6Tommy9 0n the Screen: Two Viewpoints
BY ROBERT HILBURN
Times Rock Music Critic
As soon as the colorful, diverse cast of Ann-Margrct, El-
ton John. Tina Turner, Jack Nicholson and Eric Clapton . "
_ was announced. it was obvious that Ken Russell's film
version of the Who's rock opera 'Tommy' was going to be
something of a sideshow. Well, the carnival arrives today
at the Fox Wilshire.
In moving the worlt to the screen. Russell,‘a director
with the mixture of high style;hri11ianee, pretentiousnes
and simple outrageousnesa that we tend to label 'genius,‘
has felt free to change the tone, scape and content of
While the alterations were made with the Who's con-
sent (the rock group's lead singer, Roger Daltrey. plays
Tommy and its drummer, Keith Moon, portrays the leche-
rous Uncle Ernie). the result is a work of imagination and
passion, but it lacks the emotional urgency and compelling
impact of the original work. f
There was a certain universality in the Whe's version
.that allowed the band's audience to identify with some of
the early frustrations and trials surrounding Tommy. The
authenticity required to achieve that identification has
been buried, for me, in the film.
In its originaljorm. ‘Tommy' was a work of immense
emotional power and popular appeal: by most measmre-
ments the most successful rock (as opposed to the essen-
tially poperiented "Jesus Christ Superstar”) Opera yet at-
tempted. Between the origiml Who album (released in
1968) and Lou Reizner‘s orchestrated version, it has sold
an estimated 10 million copies. A soundtrack album from
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UNHAPPY FAMILY—Roger Daltrey is "Tommy,"
.Ann-Margret his mother in Ken Russell's film.
. THE MOVIE
BY CHARLES CHAMPLIN
Times Entertainment Edilot‘
Love him or leave him, Ken Russell is the most extrava-
gant maker of images in the movies today. Fellini and
Bunuel come to mind. and he shares with them a fascinaa' .
tion for the world's grotesques and cripples He has not re-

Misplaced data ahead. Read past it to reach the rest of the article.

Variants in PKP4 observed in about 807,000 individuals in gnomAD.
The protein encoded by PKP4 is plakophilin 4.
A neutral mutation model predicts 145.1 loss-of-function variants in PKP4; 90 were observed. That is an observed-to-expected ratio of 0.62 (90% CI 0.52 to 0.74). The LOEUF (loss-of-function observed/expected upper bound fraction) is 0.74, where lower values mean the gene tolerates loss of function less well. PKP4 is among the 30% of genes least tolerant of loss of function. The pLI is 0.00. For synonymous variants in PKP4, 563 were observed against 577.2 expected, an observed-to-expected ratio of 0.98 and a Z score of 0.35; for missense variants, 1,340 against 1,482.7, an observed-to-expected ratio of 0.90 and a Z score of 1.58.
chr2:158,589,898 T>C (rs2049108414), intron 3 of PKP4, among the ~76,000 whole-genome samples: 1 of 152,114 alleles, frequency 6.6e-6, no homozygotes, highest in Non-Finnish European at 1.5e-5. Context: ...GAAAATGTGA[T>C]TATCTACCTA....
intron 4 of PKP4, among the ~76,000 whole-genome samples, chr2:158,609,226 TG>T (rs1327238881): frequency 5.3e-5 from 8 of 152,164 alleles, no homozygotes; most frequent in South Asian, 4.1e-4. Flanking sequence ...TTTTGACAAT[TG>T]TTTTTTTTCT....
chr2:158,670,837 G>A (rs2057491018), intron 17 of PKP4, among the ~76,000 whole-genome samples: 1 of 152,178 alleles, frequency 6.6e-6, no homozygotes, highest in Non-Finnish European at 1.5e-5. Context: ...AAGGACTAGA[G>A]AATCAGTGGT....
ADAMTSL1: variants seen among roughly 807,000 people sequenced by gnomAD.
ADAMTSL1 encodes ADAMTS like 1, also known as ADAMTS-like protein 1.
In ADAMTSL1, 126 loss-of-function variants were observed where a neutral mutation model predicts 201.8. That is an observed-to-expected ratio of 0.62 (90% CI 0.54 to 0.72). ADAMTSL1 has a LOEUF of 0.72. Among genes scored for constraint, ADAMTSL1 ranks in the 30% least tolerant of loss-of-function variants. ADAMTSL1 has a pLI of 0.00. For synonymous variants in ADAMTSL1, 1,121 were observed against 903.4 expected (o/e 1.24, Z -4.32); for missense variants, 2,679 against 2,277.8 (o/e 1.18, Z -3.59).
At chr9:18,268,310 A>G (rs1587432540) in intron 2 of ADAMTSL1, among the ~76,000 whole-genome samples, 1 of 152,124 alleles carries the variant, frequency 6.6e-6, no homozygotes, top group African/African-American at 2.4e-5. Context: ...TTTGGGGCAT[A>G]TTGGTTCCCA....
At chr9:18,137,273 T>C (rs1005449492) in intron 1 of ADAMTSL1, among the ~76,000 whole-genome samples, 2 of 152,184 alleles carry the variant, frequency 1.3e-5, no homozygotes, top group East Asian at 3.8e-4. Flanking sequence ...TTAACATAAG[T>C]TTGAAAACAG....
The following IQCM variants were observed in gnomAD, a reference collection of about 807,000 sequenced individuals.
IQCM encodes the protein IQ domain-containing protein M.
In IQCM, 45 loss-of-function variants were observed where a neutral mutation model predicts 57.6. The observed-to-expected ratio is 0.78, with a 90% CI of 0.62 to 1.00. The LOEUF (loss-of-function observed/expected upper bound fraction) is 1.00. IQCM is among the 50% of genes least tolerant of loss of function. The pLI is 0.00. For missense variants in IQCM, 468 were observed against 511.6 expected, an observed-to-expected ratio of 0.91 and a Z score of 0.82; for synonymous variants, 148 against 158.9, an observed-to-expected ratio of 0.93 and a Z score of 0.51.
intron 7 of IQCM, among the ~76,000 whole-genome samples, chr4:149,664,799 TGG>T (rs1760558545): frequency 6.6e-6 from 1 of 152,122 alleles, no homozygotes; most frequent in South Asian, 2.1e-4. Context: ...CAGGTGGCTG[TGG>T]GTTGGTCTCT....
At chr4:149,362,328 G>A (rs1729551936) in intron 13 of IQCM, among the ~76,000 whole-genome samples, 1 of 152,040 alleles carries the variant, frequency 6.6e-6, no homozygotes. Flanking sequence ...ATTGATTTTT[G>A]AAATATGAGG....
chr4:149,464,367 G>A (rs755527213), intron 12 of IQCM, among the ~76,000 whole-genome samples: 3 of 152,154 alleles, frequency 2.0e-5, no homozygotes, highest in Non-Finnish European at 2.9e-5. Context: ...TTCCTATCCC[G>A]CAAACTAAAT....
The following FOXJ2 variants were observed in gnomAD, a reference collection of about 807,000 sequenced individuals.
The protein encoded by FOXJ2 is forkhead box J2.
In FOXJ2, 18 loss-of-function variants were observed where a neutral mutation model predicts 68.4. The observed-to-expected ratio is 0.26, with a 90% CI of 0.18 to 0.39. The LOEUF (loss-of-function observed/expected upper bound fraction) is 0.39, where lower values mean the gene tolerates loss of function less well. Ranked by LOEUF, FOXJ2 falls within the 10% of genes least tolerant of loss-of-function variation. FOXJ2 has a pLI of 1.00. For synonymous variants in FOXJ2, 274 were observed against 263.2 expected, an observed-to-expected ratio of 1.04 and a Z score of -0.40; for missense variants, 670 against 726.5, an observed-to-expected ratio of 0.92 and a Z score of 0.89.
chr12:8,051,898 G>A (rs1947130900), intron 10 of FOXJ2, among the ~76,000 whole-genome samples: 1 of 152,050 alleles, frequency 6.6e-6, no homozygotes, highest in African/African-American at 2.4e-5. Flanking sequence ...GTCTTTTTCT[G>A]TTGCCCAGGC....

gularly shared their disciplines—Bunuel‘s austere in~
tellectual approach, Fellini's emotional probingy—which
‘shape the spill of images toward ends which are larger
:than the images themselves.
Russell first came to attention wi h his television doc~
umentan’es (docu—dramas. they woul now likely be call-
ed) on the lives of composers. They were startling and a
bit scandalous, but also reverential and revealed Russell's
deep appreciation of music, as "Mahler" recently has agaim
It was inevitable that Russell would one day find the
material ideally suited to his fabulist's imagination, and in
the rock opera "Tommy," originally conceived as a concert
recording by the Who. Russell has
' Like most of Russell's earlier work, it can be loved or
left and there will be no undistributed middle. But "form
my‘ is an overwhelming, thunderous, almost continuously
astonishing achievement. coherent and consistent tram
first frames to last.
Russell has taken What Was essentially an aural experz
ience and found the images to match and even enlarge Its
mountains of sound. The boring restraints previously
posed by the needs of fidelity to historical truth or the
lives of great men—whjch Russell generally threw oft
anyway—are not present here. The nice irony is that in
its extravagances. Tommy" is the most disciplined film he
has yet done.
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